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Bulgaria's Liberation Day

Bulgaria, officially Republic of Bulgaria, Bulgarian Republika Bŭlgariya, country occupying the eastern portion of the Balkan Peninsula in southeastern Europe. Founded in the 7th century, Bulgaria is one of the oldest states on the European continent. It is intersected by historically important routes from northern and eastern Europe to the Mediterranean basin and from western and central Europe to the Middle East. Before the creation of the Bulgarian state, the empires of ancient Rome, Greece, and Byzantium were strong presences, and people and goods traveled the land with frequency.

Emerging from centuries of Ottoman rule, Bulgaria gained its independence in the late 19th century, joined the losing side of several conflagrations in the first half of the 20th century, and, despite gravitating toward the Axis powers in World War II, found itself within close orbit of the Soviet Union by mid-century. This alliance had profound effects on the Bulgarian state and psyche, altering everything from land use and labour practices to religion and the arts. As communist governments fell in eastern Europe in the late 1980s and early 1990s, Bulgaria was suddenly released from the magnetic field of the Soviet giant and drifted into the uneasy terrain of postcommunism. Today its gaze is firmly fixed on the West; Bulgaria became a member of the North Atlantic Treaty Organization (NATO) in 2004 and of the European Union (EU) in 2007. The members of the EU engage in the bulk of Bulgarian trade.

The country is remarkable for its variety of scenery; its rugged mountains and relaxing Black Sea resorts attract many visitors. Like other nations of the Balkan Peninsula, Bulgaria claims a mix of Eastern and Western cultures, and the mingling is evident in its cuisine, its architecture, and its religious heritage. Though located in western Bulgaria, the capital, Sofia, is neatly positioned near the geographic centre of the Balkan region, and in nearly every other respect it occupies the central position within Bulgaria. With more than one million inhabitants, Sofia has three times as many people as the next largest cities, Plovdiv and Varna. The Bulgarian writer Yordan Radichkov has placed the capital along the axis of two major transnational routes: (1) the historic Silk Road that connects China and the West and (2) a major natural path of migrating birds known as the “grand route of Aristotle.” According to Radichkov, “The universal core of Bulgaria is to be found at the crossroads of these two routes.”

Land

Nearly rectangular in outline, Bulgaria is bounded by Romania to the north, with most of the border marked by the lower Danube River. The Black Sea lies to the east, Turkey and Greece to the south, North Macedonia to the southwest, and Serbia to the west. The capital city, Sofia, lies in a mountainous basin in the west.

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Relief

Within a relatively small compass, the Bulgarian landscape exhibits striking topographic variety. Open expanses of lowland alternate with broken mountain country, cut by deep river gorges and harbouring upland basins such as that in which Sofia lies. Three basic structural and physiographic divisions run east-west, splitting the country into the traditional regions of North Bulgaria, including the Danubian Plain and the Balkan Mountains; South Bulgaria, including the Rila-Rhodope Massif; and a transitional area between them.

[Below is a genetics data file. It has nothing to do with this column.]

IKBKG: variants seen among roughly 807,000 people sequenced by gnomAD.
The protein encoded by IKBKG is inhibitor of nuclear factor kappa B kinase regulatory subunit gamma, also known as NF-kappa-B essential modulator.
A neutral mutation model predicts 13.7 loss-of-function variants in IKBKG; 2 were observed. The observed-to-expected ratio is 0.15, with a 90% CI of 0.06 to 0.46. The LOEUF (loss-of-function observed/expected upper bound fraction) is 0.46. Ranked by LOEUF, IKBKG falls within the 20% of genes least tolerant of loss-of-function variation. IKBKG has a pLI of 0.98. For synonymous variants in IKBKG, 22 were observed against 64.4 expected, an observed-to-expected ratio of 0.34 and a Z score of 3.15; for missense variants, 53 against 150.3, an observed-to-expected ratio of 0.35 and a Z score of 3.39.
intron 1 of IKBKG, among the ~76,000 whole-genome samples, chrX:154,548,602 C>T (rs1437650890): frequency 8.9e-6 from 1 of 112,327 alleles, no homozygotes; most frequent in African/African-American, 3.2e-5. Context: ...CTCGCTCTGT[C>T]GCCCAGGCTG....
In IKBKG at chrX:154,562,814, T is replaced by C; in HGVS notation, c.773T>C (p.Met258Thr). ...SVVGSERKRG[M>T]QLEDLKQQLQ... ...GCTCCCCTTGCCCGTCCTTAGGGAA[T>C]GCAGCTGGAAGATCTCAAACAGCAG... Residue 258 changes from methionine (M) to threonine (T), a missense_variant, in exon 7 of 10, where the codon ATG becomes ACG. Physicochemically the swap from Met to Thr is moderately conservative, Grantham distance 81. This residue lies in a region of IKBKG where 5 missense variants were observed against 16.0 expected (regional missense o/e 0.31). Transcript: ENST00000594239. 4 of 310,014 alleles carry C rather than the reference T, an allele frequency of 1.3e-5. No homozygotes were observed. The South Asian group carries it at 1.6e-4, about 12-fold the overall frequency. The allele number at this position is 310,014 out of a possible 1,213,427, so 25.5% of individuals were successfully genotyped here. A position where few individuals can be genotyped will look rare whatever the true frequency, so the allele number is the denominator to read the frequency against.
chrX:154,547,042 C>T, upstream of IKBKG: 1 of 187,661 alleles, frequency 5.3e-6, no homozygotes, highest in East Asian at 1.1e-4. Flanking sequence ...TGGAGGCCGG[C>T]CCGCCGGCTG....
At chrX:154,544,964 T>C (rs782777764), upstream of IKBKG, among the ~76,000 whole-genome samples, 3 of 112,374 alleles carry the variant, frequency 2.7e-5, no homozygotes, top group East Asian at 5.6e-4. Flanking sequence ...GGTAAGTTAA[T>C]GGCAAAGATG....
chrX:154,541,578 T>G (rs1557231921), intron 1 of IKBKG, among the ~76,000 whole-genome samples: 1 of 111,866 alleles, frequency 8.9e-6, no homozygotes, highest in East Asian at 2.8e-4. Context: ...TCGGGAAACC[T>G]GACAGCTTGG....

North Bulgaria

All but a short section of the northern frontier of Bulgaria is marked by the lower Danube River. The abrupt and often steep banks on the Bulgarian side contrast with the swamps and lagoons of the Romanian side. Extending southward from the Danube to the foothills of the Balkan Mountains is the fertile, hilly Danubian Plain. The average elevation of the region is 584 feet (178 metres), and it covers some 12,200 square miles (31,600 square km). Several rivers cross the plain, flowing northward from the Balkans to join the Danube. The Balkan Mountains border the Danubian Plain on the south. Their rounded summits have an average height of 2,368 feet (722 metres) and rise to 7,795 feet (2,376 metres) at Mount Botev, the highest peak.

Transitional region

The mountain chain is larger than the adjacent ranges that run parallel in a transitional region of complex relief. Block faulting—the raising or lowering of great structural segments along regular lines of crustal weakness—has produced there the Sredna Mountains, the Vitosha Massif near Sofia, a number of sheltered structural basins, and the Upper Thracian and Tundzha lowlands.

South Bulgaria

Another mountain mass covers southern Bulgaria. This includes the Rhodope Mountains (Bulgarian: Rodopi; Greek: Rhodopis), which rise to 7,188 feet (2,190 metres) at Golyam Perelik Peak; the Rila Mountains, rising to 9,596 feet (2,925 metres) at Musala Peak, which is the highest point in the country and indeed in the whole Balkan Peninsula; the Pirin Mountains, with Vikhren Peak reaching 9,560 feet; and a frontier range known as the Belasitsa Mountains. These majestic ranges discharge meltwater from montane snowfields throughout the summer, and their sharp outlines, pine-clad slopes, and, in the Rila and Pirin ranges, several hundred lakes of glacial origin combine to form some of the most beautiful Bulgarian landscapes.

Coastal region

Trending north-south at the eastern fringe of three principal regions is the narrow Black Sea coastal region. With the exception of the fine harbours of Varna and Burgas, the coast has few bays, but it does have extensive stretches of sandy beach that are features of a number of picturesque seaside resorts.

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Score: https://www.britannica.com/place/Bulgaria

 

03.03

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